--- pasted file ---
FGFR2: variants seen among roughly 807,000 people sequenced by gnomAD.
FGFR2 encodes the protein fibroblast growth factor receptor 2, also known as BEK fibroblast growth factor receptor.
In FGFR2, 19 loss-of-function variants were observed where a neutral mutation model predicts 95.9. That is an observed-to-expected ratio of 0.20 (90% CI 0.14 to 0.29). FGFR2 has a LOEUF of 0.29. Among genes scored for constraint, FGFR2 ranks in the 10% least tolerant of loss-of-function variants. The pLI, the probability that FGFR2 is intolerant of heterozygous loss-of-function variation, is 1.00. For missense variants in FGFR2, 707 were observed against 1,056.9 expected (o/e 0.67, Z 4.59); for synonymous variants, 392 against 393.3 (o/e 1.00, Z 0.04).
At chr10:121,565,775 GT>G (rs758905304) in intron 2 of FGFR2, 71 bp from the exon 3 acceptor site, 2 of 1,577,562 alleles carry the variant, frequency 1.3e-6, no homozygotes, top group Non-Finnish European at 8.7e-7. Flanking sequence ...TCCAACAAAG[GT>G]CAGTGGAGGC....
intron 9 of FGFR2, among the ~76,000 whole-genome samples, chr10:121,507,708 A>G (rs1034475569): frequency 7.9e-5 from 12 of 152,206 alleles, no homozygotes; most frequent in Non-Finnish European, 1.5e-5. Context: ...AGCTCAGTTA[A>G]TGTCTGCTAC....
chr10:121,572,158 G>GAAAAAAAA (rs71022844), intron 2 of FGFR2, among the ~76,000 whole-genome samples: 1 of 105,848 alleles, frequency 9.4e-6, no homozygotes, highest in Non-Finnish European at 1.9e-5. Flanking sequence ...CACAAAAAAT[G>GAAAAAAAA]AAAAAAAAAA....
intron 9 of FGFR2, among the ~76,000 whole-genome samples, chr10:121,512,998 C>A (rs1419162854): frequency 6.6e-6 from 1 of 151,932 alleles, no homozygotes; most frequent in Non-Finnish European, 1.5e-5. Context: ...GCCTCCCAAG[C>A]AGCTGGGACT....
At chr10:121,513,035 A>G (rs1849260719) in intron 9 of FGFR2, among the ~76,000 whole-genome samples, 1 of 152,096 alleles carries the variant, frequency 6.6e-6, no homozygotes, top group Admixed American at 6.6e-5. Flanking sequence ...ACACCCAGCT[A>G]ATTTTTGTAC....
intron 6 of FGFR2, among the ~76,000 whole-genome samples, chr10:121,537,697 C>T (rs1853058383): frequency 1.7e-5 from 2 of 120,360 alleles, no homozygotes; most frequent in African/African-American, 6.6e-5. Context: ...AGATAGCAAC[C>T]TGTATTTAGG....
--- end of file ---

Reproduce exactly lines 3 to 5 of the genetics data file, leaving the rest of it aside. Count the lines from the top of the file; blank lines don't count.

In FGFR2, 19 loss-of-function variants were observed where a neutral mutation model predicts 95.9. That is an observed-to-expected ratio of 0.20 (90% CI 0.14 to 0.29). FGFR2 has a LOEUF of 0.29. Among genes scored for constraint, FGFR2 ranks in the 10% least tolerant of loss-of-function variants. The pLI, the probability that FGFR2 is intolerant of heterozygous loss-of-function variation, is 1.00. For missense variants in FGFR2, 707 were observed against 1,056.9 expected (o/e 0.67, Z 4.59); for synonymous variants, 392 against 393.3 (o/e 1.00, Z 0.04).
At chr10:121,565,775 GT>G (rs758905304) in intron 2 of FGFR2, 71 bp from the exon 3 acceptor site, 2 of 1,577,562 alleles carry the variant, frequency 1.3e-6, no homozygotes, top group Non-Finnish European at 8.7e-7. Flanking sequence ...TCCAACAAAG[GT>G]CAGTGGAGGC....
intron 9 of FGFR2, among the ~76,000 whole-genome samples, chr10:121,507,708 A>G (rs1034475569): frequency 7.9e-5 from 12 of 152,206 alleles, no homozygotes; most frequent in Non-Finnish European, 1.5e-5. Context: ...AGCTCAGTTA[A>G]TGTCTGCTAC....